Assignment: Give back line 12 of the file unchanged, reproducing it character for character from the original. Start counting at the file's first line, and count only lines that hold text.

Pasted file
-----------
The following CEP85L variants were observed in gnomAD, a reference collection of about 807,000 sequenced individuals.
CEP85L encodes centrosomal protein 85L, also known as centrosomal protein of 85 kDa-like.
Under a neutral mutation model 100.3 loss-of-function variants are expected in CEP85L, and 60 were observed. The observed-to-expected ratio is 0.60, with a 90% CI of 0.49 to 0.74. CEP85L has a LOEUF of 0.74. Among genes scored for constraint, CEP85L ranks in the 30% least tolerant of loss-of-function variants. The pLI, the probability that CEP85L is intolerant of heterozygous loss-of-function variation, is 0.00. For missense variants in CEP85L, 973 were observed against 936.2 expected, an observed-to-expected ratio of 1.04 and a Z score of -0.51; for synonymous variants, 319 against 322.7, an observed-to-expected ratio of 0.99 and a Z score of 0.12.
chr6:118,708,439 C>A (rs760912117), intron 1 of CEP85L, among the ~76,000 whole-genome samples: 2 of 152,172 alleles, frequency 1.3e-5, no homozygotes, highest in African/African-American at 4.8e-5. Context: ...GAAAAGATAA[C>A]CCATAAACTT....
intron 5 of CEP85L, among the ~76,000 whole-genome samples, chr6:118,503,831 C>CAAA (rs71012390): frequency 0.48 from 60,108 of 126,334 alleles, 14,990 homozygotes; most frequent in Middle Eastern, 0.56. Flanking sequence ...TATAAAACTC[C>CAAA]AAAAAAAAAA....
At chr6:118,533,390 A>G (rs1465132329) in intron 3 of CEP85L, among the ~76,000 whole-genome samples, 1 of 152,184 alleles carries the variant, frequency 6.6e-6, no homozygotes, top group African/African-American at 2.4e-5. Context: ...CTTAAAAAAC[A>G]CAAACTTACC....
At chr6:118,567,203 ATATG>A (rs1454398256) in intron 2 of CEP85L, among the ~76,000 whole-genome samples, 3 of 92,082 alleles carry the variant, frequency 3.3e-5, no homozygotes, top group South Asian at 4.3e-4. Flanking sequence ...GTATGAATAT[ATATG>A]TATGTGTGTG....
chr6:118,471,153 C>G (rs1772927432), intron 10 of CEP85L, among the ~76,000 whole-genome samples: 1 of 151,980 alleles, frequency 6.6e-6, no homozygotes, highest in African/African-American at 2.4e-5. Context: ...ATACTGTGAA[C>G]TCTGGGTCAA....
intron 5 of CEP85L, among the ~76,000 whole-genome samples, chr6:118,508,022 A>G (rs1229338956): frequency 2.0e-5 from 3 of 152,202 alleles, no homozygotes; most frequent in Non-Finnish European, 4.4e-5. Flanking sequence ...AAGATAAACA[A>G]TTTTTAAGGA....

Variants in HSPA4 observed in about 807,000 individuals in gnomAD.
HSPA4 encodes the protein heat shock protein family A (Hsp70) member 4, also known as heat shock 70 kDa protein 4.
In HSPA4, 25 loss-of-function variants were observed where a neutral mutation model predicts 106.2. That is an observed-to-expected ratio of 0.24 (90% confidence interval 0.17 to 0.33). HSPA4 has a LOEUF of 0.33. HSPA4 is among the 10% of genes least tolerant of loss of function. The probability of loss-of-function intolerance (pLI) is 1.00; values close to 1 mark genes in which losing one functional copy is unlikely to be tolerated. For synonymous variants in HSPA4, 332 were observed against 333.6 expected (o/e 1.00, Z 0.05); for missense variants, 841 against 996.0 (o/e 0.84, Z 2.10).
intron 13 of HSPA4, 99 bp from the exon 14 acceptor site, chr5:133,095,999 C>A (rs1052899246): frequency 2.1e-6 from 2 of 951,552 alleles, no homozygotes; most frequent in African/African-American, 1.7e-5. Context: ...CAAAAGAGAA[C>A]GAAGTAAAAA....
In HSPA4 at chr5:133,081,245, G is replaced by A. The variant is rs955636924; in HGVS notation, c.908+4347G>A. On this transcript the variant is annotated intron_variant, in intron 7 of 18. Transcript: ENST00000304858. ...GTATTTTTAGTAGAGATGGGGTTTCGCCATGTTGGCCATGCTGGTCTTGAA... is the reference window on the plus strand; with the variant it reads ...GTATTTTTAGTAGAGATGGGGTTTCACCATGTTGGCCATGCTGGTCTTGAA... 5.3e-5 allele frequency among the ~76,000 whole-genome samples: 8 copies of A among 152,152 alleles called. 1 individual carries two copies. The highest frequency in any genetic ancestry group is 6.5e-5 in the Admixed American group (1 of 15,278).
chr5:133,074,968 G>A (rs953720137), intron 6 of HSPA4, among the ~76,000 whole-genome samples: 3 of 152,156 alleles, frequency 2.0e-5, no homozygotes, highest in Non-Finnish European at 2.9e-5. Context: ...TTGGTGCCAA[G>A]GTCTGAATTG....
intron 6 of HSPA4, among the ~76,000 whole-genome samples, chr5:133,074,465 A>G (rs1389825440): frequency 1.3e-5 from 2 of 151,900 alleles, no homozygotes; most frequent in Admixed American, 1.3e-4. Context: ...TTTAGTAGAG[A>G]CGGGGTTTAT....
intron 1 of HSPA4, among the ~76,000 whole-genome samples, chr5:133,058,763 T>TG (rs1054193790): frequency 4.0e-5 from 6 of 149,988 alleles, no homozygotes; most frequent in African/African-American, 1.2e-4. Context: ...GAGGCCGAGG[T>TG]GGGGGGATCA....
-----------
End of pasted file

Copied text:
In HSPA4, 25 loss-of-function variants were observed where a neutral mutation model predicts 106.2. That is an observed-to-expected ratio of 0.24 (90% confidence interval 0.17 to 0.33). HSPA4 has a LOEUF of 0.33. HSPA4 is among the 10% of genes least tolerant of loss of function. The probability of loss-of-function intolerance (pLI) is 1.00; values close to 1 mark genes in which losing one functional copy is unlikely to be tolerated. For synonymous variants in HSPA4, 332 were observed against 333.6 expected (o/e 1.00, Z 0.05); for missense variants, 841 against 996.0 (o/e 0.84, Z 2.10).